The Butterfly and the Sea Dragon, by Tyree Campbell (2:20)

IOD-The_Butterfly_and_the_Sea_Dragon.jpgToday we see that a story has to move quickly and unerringly to establish the setting and the rules of the story world.

What I gleaned about the story: Yoelin Thibbony is a burglar wearing black skin-tight clothing that is black and very tight on her skin.

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WTF #1: Confusing prose

Analysis: The very first sentence of the book reads as follows: Entry into the estate house had offered but moderate security impediments for the tall woman named Yoelin Thibbony.

Before I’ve even settled into my chair, I was confronted by what felt like a quadruple negative. The house’s “security” is negated by “impediments”, softened by “moderate”, and then diminished further with “but.” Or wait, in this case, “impediment” wasn’t an impediment to security; it was an impediment for security. So scratch that first negation. Where does that leave us? The house was secure, not secure, somewhat not secure, somewhat not not secure. Oh, and then undo the negation, so it ended up being not somewhat not not secure. At this point I more or less threw up my hands in surrender. I was so wrapped up in trying to unpack the inversions and modifiers that I got entirely lost, and never even noticed the actual meaning of the sentence: that a woman has just broken into a house.

The whole point of the opening sentence is like the foyer of a nice house. It’s there to welcome you into this place, inviting you to join the life being lived within, already in progress. Unfortunately, it seems the entrance to this book has better security than the estate house it describes, since I never got through the door. A much simpler sentence construction would have worked much better to enroll me into the world.

 

WTF #2: Culture poisoning

Analysis: At the beginning of a science fiction story, it is vital to situate the reader quickly. With SF, we could be anywhere in space and time, at any tech level and in any biological reality. So at the beginning, it is crucial to provide clues to the where, when, who, and what, so that the reader can get oriented and begin submerging into the tale.

This one begins reasonably, with our POV burglar clad in sexy, skin-tight “black vivar skin.” But almost immediately she is brought up short by some kind of an unexpected trap on the floor, which she soon discovers: was a piece from a child’s toy, a plastic building block, a Lego, of the type found on the floors of homes with children on every world of Corporatia.

I don’t have a problem with there being Lego in this world of a distant time and place. Postulating the continued existence of that one item into the far future is a rather charming detail. But the opening page is not the place to show it to me. Not before you have effectively established the world setting and its rules.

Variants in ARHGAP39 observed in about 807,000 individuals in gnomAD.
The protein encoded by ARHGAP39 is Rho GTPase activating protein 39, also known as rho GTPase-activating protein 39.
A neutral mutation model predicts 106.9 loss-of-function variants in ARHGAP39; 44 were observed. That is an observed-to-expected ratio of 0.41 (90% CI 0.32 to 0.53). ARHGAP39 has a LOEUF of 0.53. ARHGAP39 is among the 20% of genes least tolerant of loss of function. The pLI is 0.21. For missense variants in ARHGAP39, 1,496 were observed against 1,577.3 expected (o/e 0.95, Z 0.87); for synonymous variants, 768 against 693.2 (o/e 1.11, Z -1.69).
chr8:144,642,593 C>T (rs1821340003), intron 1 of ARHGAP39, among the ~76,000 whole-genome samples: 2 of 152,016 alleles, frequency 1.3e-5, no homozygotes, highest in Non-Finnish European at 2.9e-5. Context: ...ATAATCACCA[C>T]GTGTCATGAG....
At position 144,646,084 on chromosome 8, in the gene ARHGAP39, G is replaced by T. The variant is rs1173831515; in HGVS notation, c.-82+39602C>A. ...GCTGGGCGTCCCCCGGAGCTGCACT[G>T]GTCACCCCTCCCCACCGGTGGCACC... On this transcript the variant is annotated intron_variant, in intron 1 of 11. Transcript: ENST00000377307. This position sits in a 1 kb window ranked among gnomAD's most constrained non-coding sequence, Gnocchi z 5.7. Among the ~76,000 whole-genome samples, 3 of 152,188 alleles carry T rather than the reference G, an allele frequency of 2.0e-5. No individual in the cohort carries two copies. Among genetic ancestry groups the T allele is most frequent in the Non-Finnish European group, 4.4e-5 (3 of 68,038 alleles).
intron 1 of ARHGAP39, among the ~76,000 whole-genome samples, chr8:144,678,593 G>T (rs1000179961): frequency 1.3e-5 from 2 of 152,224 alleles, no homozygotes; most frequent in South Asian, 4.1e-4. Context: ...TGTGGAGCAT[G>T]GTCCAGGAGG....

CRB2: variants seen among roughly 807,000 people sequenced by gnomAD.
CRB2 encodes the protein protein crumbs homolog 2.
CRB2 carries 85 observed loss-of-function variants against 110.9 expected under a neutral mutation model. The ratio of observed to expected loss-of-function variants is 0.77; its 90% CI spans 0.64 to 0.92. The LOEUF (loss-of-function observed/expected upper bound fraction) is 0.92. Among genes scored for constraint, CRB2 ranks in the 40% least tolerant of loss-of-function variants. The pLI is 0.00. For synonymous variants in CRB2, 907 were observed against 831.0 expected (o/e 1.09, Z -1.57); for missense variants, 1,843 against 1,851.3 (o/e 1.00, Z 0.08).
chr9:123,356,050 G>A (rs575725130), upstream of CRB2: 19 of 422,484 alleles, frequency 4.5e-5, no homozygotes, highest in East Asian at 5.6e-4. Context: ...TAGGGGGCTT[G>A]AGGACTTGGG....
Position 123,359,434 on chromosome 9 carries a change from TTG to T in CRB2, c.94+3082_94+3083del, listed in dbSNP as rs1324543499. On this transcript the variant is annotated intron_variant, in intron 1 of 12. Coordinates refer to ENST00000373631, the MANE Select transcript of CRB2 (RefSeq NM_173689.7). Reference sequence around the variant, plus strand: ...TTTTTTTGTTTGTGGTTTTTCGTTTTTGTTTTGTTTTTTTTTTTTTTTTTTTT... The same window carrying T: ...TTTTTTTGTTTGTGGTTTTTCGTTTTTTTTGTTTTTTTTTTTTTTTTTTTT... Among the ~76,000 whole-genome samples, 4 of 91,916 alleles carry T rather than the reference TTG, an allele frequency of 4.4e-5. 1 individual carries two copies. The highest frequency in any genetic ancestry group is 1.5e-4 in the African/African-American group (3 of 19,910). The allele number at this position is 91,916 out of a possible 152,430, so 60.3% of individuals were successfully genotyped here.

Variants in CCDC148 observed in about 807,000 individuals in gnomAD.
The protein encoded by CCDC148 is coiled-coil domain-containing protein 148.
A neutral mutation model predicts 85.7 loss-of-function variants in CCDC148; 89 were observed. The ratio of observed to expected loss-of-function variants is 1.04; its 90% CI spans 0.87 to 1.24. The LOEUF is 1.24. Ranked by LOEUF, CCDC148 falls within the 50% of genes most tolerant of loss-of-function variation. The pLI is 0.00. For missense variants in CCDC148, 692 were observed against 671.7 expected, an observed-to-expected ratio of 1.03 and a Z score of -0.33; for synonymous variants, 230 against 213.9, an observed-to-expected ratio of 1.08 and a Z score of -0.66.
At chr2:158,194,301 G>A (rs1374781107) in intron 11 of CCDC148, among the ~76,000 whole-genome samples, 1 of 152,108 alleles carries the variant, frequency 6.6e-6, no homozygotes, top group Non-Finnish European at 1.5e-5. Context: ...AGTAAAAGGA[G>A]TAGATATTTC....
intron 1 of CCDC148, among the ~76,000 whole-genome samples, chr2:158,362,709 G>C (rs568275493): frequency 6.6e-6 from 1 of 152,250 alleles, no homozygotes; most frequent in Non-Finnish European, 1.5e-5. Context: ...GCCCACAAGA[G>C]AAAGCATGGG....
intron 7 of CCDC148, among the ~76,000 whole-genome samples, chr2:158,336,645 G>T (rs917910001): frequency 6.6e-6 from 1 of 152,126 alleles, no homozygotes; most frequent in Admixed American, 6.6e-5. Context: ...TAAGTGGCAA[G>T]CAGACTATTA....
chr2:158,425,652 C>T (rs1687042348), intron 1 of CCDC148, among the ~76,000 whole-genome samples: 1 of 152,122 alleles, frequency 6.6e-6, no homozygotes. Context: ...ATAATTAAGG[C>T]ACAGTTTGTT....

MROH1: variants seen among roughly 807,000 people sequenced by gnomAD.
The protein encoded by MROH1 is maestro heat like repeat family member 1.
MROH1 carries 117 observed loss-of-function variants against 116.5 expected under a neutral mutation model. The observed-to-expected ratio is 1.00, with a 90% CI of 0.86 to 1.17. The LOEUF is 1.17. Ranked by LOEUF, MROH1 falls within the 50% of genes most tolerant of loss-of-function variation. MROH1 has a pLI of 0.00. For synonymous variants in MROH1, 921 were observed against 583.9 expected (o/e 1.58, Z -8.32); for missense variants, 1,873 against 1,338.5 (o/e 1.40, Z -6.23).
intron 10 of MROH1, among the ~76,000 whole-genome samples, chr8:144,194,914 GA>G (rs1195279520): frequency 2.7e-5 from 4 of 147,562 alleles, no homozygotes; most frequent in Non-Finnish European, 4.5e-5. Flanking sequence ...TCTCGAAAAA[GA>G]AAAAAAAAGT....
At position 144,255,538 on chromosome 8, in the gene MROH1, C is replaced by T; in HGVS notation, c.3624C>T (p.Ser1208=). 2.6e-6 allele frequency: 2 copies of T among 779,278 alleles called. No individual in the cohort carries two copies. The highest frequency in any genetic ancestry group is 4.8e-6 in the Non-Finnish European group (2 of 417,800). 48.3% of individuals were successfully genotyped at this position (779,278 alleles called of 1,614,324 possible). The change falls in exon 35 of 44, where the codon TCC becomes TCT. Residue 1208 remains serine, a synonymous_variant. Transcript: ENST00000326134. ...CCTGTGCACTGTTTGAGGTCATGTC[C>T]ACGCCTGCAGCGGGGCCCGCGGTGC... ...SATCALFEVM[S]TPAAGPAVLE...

Unfortunately, it didn’t stop with the Lego. There are also references to night vision goggles with green displays, an EKG, a touchpad-based home security system, and computers with flat screen monitors. And that was just page one. True, there are mentions of other, more appropriately futuristic details, but by having these mundane technologies alongside them, the effect is chaos, forcing me to debate whether I’m confronting some world of bizarre technological paralysis, or an author who has not properly considered the details of the world she is building. And sadly, there was nothing about the writing to give me the sense that it was paralysis.

WTF #3: Redundant exposition

Analysis: Three times on the first page, we are told that our burglar is wearing “vivar.” Twice we are told that it is black, and then once that it is opaque. We are also told twice that it is skin-tight and once that it is micro-thin. These details are all essential to understanding her very professional burglarity, but we need those details once and once only. By repeating them, the author conveys that she lacks confidence, either in her writing or in our intelligence. But honestly, telling me three times removes all doubt as to which opinion she holds.

Take the Pepsi Challenge: Want to know if my own writing measures up? Try the free sample on one of my books or short stories and decide for yourself.

The Storm Fishers and Other Stories, by Everitt Foster (1:44)
Dymond's World, by C.W. Crowe (12:06)

About the author

Jefferson Smith is a Canadian fantasy author, as well as the founder, chief editor and resident proctologist of ImmerseOrDie. With a PhD in Computer Science and Creativity Systems compounded by a life spent exploring most art forms for fun and profit, he is underqualified in just about everything. That’s why he writes.